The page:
The DeKalb County Board votes yes to sell its nursing home
The DeKalb County Board voted to sell the DeKalb County Rehab and Nursing Center on Wednesday, after a yearlong discussion on how to resolve the nursing home’s more than $7 million shortfall. The decision came after the board failed to pass a referendum measure that would allow voters to weigh in on the home's fate.
A couple of people spoke during the public comment period before the vote who were in favor of selling, citing the need to think of the nursing home’s impact on the entire county budget. But the majority — employees of the home, as well as community members -- pleaded with the board to vote “no” on a sale to a for-profit company with low quality of care ratings. They said the move would put union jobs at risk and jeopardize the care of elderly residents.
“They are not going to give these people care,” said Shell DeYoung Dunn, a Somonauk resident. “I was there. I looked at these places. We are so so lucky to have the DeKalb nursing home . . . A community shows how great it is by how it treats those who are less fortunate.”
In 2017, DeYoung Dunn said her husband stayed in a private facility for physical therapy but after two days died of a heart attack. She blames his death on the lack of attention from the nursing staff.
The County Board voted to sell the 169-year-old nursing home to Illuminate, HC, in a 17-5 vote, for $8.5 million.
Some members who voted against putting a referendum on the ballot, said they saw no path forward, even with the potential for an increase in property taxes to help cover the nursing home’s costs. The referendum would have asked voters if they would support a .1% property tax increase to support the nursing home.
A member of the county’s Health and Human Services Committee, Ellingsworth Webb, voted in favor of selling the home to Illuminate, HC rather than Shaba Healthcare, the other bidder for the home.
“The choice of the board is to do no harm to the residents. So, it'll be whatever facility is the least worst of the two that protects the residents of DeKalb County.”
The Evanston-based company owns nursing homes in Michigan. Several of its facilities, such as locations in Muskegon and Whitehall have been flagged for allegations of abuse by the U.S. Centers for Medicare and Medicaid Services.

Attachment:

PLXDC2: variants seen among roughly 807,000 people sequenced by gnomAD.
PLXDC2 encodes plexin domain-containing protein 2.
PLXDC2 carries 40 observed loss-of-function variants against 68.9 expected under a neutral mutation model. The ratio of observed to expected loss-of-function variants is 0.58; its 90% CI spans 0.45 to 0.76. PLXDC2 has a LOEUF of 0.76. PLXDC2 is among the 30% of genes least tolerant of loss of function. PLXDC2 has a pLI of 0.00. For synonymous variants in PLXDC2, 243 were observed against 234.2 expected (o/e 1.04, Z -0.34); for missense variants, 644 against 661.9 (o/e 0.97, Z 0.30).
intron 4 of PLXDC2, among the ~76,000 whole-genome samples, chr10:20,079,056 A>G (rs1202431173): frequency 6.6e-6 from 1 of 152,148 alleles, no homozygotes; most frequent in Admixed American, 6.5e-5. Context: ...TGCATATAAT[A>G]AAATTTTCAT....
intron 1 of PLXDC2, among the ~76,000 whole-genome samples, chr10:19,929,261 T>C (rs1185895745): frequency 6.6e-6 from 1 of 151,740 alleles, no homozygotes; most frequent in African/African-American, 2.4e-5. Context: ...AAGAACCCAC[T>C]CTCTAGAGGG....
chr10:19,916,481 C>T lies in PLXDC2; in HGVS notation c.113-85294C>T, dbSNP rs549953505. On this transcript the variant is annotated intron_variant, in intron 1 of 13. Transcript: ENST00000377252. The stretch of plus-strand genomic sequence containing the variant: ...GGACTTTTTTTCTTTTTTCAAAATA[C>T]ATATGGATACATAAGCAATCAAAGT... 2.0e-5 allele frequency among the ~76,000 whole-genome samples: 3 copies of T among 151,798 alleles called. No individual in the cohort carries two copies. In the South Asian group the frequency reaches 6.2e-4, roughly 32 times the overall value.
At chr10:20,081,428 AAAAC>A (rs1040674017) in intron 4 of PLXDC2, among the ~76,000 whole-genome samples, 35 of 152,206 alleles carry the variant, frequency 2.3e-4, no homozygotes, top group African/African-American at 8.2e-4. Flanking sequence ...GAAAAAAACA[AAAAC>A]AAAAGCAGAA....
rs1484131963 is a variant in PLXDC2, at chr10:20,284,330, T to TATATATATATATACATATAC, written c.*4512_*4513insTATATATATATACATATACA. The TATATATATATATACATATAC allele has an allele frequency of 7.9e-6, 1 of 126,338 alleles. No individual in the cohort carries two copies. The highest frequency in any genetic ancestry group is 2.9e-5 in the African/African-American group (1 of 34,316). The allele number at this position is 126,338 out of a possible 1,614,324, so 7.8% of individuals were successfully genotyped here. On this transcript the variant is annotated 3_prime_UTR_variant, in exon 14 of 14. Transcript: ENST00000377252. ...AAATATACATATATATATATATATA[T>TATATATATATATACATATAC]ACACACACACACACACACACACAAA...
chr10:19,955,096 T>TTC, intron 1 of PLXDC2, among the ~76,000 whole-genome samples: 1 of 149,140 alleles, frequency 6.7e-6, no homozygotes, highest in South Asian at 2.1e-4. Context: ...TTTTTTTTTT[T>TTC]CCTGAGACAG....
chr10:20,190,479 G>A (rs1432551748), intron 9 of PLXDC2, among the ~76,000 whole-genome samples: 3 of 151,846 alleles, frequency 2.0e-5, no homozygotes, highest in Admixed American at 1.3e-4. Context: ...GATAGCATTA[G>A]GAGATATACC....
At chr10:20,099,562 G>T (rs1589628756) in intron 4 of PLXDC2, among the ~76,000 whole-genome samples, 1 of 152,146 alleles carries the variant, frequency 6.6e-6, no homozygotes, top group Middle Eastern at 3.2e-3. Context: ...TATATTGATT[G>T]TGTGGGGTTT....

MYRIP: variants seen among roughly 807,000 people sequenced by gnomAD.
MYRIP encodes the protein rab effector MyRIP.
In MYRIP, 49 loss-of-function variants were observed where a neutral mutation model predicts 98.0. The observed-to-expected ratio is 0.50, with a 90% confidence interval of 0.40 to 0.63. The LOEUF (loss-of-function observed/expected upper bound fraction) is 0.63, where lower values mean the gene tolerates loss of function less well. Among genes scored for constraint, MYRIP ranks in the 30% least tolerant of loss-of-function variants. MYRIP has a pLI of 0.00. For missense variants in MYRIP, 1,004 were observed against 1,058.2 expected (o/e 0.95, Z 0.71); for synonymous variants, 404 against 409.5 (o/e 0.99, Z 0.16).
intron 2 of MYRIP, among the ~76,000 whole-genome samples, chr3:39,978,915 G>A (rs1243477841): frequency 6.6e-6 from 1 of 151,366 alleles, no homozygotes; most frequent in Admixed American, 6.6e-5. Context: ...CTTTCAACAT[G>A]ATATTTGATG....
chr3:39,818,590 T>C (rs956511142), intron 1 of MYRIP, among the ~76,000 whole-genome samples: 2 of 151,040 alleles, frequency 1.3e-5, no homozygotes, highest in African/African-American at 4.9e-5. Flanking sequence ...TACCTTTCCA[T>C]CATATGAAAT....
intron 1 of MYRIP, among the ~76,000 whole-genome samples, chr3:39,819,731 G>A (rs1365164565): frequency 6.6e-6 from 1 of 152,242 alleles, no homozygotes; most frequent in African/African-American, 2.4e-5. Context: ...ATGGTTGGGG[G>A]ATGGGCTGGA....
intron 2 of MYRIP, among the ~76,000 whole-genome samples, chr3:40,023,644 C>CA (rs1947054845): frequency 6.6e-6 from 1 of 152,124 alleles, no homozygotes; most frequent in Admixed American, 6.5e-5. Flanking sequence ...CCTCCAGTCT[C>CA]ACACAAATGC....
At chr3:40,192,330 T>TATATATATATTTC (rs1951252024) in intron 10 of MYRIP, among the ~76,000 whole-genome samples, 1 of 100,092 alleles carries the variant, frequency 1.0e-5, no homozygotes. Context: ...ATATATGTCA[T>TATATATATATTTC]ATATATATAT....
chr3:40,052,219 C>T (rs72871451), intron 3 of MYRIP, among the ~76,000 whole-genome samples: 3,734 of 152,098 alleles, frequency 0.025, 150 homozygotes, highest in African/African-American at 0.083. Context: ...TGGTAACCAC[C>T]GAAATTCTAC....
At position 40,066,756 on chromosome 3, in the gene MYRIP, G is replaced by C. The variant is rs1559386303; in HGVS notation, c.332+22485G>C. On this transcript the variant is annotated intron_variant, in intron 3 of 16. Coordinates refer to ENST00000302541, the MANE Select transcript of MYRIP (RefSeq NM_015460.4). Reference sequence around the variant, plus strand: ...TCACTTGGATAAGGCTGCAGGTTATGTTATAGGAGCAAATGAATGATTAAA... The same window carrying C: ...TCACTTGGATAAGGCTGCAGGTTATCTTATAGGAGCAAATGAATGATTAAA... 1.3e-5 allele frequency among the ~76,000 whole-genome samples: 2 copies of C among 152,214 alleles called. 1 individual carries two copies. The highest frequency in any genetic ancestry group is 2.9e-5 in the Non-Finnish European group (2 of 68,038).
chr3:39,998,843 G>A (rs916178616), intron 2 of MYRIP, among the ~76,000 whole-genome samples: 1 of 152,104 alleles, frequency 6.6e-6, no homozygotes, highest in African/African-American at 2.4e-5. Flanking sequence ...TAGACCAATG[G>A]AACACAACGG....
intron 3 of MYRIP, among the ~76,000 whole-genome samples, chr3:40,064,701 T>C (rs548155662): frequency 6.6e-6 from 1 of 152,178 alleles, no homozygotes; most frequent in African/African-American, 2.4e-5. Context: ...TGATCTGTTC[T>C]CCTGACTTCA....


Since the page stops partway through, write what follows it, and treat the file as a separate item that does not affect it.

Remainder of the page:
Rukisha Crawford, the chair of the Health and Human Services Committee, voted against the sale due to her opposition to profit-run nursing homes. “I’m not in favor of the staff losing their jobs . . . the low ratings, the poor care, I'm just not happy,” Crawford said.
During the meeting, Brian Gregory related to the board a message from the head of Illuminate, HC, stating his commitment to working with the union. But, several employees said they doubted that and did not foresee the company maintaining the same level of staffing. The county’s home has the highest rating for staffing levels, with an above average registered nurse ratio to patients.
AFSCME staff representative Lori Laidlaw in a statement said:
AFSCME members who work at the DeKalb County Rehab and Nursing Center—and the hundreds more union members who live throughout the county—are disappointed by last night’s votes. Too many board members disregarded the powerful testimony of nursing home residents, their families and employees who’ve attended every meeting and spoken passionately in support of keeping the county nursing home in public hands.
We believe a sale is wrong for residents who count on available, affordable and good-quality care in their community. A sale is wrong for taxpayers who under these terms are getting pennies on the dollar, sticking them with debt. And a sale is wrong for employees whose livelihoods are threatened, along with the work they do each day to care for residents for whom they are like family.
But our fight is far from over. The letter of intent is not binding, and actually selling the home would require another vote by the board within the next 45 days.
We believe that the people of DeKalb County should decide whether our nursing home will remain accountable to the public and accessible to every county resident who needs care, regardless of income. Over the next six weeks we’re going to do everything possible to see that happen.
The final sale of the nursing home requires a vote with a two-thirds majority to pass.